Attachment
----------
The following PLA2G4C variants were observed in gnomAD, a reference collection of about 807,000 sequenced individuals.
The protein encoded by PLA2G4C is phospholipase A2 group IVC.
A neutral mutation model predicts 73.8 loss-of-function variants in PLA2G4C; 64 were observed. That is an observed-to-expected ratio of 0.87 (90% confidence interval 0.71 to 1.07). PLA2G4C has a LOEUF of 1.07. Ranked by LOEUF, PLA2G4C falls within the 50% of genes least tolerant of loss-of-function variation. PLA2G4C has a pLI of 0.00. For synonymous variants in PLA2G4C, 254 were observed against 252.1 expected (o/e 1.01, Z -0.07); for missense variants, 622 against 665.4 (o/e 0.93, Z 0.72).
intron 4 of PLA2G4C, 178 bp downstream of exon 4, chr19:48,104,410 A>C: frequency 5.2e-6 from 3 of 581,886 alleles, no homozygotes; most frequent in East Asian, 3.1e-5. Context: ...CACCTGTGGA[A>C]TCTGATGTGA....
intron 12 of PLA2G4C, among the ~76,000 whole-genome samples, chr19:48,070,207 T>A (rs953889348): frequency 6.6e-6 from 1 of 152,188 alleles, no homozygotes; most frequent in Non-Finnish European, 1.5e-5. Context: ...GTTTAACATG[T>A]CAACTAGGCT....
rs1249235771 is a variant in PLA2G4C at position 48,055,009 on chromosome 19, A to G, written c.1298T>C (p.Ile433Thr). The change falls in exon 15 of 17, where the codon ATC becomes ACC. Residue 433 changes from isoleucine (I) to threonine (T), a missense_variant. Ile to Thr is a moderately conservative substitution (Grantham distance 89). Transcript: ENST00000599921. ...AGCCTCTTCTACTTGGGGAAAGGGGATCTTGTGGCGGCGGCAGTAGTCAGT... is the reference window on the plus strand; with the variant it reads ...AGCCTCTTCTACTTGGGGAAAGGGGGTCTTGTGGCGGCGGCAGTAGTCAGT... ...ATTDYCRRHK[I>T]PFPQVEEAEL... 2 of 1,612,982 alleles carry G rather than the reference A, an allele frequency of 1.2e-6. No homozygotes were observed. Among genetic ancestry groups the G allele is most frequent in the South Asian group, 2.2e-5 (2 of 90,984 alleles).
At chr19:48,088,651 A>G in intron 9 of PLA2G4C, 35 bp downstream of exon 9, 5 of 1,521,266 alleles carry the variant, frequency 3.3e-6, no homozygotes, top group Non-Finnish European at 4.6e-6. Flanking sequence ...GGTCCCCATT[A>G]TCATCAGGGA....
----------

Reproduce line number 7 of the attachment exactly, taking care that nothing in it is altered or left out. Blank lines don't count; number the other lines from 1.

At chr19:48,088,651 A>G in intron 9 of PLA2G4C, 35 bp downstream of exon 9, 5 of 1,521,266 alleles carry the variant, frequency 3.3e-6, no homozygotes, top group Non-Finnish European at 4.6e-6. Flanking sequence ...GGTCCCCATT[A>G]TCATCAGGGA....